Ducks' future brighter after surprising postseason runPosted: Tuesday June 10, 2003 4:53 PM
Updated: Tuesday June 10, 2003 5:00 PM
ANAHEIM, Calif. (AP) -- Jiggy and the Ducks already are planning a sequel.
The improbable playoff run by goaltender Jean-Sebastien Giguere and the Mighty Ducks bodes well for this once-struggling team that made it to Game 7 of the Stanley Cup finals.
Giguere, the MVP of the postseason, hopes to be back at the finals next year.
"I think the way we are going to approach the season, we are going to go with Game 1," he said. "It's going to be the biggest game of the year and we'll go from that."
General manager Bryan Murray and rookie coach Mike Babcock built a team that provided a surprise to rival the one of the Anaheim Angels, who won their first World Series title last fall.
Giguere, meanwhile, emerged as one of the league's top goalies, and his performance in his first postseason earned him the Conn Smythe Trophy.
"I think we have a core of players now that will be here," Murray said. "There is a real foundation, for sure now. The winning part breeds more winning. There's no doubt that going forward, it'll be easier now for some of our guys to understand the level of commitment required.
"And if you do commit and play determined, you have a chance to win a lot of hockey games."
Babcock, whose only previous coaching experience was in the minors and in college, proved an excellent motivator, a coach who communicated well and remained calm when things weren't going well.
He bristled when his team was labeled a surprise, saying Anaheim was one of the league's best teams the second half of the season.
The Mighty Ducks finished the regular season 40-27-9-6 after going 29-42-8-3 the previous year. That was the NHL's biggest improvement this season, and the record was the best in their 10-year history.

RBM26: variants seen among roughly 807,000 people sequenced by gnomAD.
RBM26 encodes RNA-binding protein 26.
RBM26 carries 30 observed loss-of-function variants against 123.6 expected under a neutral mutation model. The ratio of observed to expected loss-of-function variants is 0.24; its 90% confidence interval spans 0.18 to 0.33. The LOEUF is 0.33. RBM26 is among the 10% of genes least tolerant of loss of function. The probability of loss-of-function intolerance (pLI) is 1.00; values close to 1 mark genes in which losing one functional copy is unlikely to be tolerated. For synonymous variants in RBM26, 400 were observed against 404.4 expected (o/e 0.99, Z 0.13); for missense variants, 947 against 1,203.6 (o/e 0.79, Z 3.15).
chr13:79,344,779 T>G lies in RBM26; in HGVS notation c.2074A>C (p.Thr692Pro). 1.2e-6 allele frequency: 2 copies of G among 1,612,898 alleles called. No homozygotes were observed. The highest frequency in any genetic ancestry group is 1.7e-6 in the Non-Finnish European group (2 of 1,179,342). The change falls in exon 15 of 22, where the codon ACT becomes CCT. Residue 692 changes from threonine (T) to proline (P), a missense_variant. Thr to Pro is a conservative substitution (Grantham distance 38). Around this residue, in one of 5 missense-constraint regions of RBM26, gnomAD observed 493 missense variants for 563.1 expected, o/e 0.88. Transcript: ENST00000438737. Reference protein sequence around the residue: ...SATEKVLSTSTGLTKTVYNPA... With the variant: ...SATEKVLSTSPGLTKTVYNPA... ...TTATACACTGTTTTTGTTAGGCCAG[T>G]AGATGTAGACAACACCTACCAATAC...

They were dominant during the first three rounds of the playoffs. Seeded seventh in the Western Conference, they swept defending Stanley Cup champion Detroit in the first series and beat top-seeded Dallas 4-2.
It was the first time in NHL history a club eliminated the first- and second-seeded teams in the postseason. They then swept Minnesota on the way to the Cup finals against the Devils, where they took the series to the limit before losing their fourth straight game in New Jersey.
"People didn't know we were alive at the start of the year, and we're alive now," Babcock said after Game 7.
Then he got an early start on motivation for next season, saying, "We know that we have to have a much better team to be back here again."
Giguere, teary after the Game 7 loss, said he learned a lot during the playoffs.
"Tomorrow is a new day and I'll get up and I'll be happy again," he said. "We're just going to move on."